Harper’s really been nothing more than a tumour on Canadian society. I’m not voting because I believe the other two are tumour’s just as malignant and damaging but to those that are voting… Please look at the leaders as just that… Tumours. They’re scary and they’re killing us. Get vocal at the local debates and call the bastards out by frying their idiotic candidates every chance you can. Just because they’re on a stage doesn’t make them smarter than you and doesn’t mean they deserve your respect. They’re just smaller versions of the same tumours. Let ’em have it.

  17. Al in Cranbrook says:

    Two words: Silent Majority.

    Last election the CPC finished about 4% to 5% higher than polling indicated. Relevant because: Traditionally, Conservatives don’t advertise whom they intend to vote for, and thus don’t respond to pollsters as readily.

    Every poll I’ve seen so far indicates there is not anywhere near the support for opening the floodgates to refugees that the MSM and left wing would have everyone believe. Further, the situation in Europe is getting out of hand, and is potentially explosive. Security, both national and personal, is a major issue, and one that only the CPC is speaking to.

    Trudeau’s contention that the economy is a wreck and the feds are in deficit has now been proven false on both counts. GDP growth is back in the black, and the last fiscal year ended with a surplus. “We are in deficit right now!” smacks of desperate rhetoric without actual substance.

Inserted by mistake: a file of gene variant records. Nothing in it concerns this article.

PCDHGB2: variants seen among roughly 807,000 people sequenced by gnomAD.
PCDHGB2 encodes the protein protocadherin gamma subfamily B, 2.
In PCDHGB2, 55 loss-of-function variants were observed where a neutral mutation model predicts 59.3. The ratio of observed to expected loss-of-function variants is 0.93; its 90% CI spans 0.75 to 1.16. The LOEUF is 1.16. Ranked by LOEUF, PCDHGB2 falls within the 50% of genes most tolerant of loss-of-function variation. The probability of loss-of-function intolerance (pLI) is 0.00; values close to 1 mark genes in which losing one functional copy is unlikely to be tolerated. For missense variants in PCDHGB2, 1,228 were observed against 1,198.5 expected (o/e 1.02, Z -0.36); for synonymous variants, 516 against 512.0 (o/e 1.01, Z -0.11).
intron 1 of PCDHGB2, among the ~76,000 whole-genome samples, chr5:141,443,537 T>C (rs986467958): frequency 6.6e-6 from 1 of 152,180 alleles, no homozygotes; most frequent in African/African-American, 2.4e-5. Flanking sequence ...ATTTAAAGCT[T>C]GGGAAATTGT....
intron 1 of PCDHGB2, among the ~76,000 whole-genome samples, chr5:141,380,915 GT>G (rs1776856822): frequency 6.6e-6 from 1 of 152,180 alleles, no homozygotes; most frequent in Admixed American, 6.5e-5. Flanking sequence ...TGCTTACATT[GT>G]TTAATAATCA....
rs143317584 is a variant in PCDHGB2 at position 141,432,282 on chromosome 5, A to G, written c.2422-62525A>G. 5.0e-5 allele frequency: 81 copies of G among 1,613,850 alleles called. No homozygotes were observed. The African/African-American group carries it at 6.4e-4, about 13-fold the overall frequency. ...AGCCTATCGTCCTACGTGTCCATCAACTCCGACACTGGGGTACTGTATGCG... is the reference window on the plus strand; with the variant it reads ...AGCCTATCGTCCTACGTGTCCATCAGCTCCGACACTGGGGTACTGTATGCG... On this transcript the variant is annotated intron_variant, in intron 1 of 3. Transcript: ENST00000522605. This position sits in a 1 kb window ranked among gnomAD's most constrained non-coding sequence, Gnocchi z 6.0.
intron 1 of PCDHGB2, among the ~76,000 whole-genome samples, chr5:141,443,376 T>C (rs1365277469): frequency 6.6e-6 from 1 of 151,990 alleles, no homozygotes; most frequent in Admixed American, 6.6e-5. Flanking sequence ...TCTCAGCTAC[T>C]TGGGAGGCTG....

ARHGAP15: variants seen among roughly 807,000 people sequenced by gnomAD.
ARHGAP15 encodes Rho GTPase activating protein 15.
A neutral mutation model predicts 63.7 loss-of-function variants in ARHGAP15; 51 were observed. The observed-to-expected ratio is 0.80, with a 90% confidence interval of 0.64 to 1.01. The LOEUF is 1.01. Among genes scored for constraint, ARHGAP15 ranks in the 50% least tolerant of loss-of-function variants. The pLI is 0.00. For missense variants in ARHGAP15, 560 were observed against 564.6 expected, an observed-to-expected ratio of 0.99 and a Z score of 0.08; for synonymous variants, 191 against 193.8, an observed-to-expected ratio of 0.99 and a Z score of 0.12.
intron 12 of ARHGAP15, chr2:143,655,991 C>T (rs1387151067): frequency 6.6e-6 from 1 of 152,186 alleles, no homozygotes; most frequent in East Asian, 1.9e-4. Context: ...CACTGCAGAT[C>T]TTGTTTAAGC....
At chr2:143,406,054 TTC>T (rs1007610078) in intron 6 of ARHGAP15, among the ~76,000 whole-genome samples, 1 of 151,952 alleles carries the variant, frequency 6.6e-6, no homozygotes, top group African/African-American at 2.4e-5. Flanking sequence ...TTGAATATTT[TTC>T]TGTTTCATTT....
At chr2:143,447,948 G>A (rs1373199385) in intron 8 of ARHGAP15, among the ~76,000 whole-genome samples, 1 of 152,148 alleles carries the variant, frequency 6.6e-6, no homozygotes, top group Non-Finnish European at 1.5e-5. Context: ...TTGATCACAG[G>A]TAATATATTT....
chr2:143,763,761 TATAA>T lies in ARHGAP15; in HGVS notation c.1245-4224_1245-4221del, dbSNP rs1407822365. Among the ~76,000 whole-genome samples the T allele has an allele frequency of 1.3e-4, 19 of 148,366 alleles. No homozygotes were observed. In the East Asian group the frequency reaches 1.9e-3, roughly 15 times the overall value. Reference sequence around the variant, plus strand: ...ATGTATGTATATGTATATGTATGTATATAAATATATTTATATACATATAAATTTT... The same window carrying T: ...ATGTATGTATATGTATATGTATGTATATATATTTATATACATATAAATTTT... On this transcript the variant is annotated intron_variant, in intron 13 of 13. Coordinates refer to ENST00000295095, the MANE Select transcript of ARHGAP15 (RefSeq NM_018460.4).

And, frankly, Mulcair’s massively expensive promises that can be contained within balanced budgets going forth amounts to blowing sunshine (or smoke) up voters’ butts.

    • SF Thomas says:

      Based on most polls 4 to 5% higher only gets the Conservatives to 35 at best. There have also been some polls indicating Trudeau’s deficit infrastructure plan has a significant amount of approval and balancing the budget is a lower priority than improving the economy. GDP might look alright but a lot of people still feel like they aren’t seeing tangible economic improvements.

    • patrick says:

      The “silent majority”. You must mean the majority of Canadians who don’t support much of what Harper stands for but have been silenced by our first past the ballet system. Guess you’re for a weighted ballot.

  18. JH says:

    Did I just hear former Liberal senator & General (Ret.) Romeo Daillaire call for boots on the ground against ISIS/ISIL on P&P? That’s going to make some folks unhappy.

  19. Steve T says:

    For the last few elections, at all levels (municipal, provincial, federal), I have deliberately told pollsters a different party than I intend to vote for. I’ve strongly encouraged all my family and friends to do the same.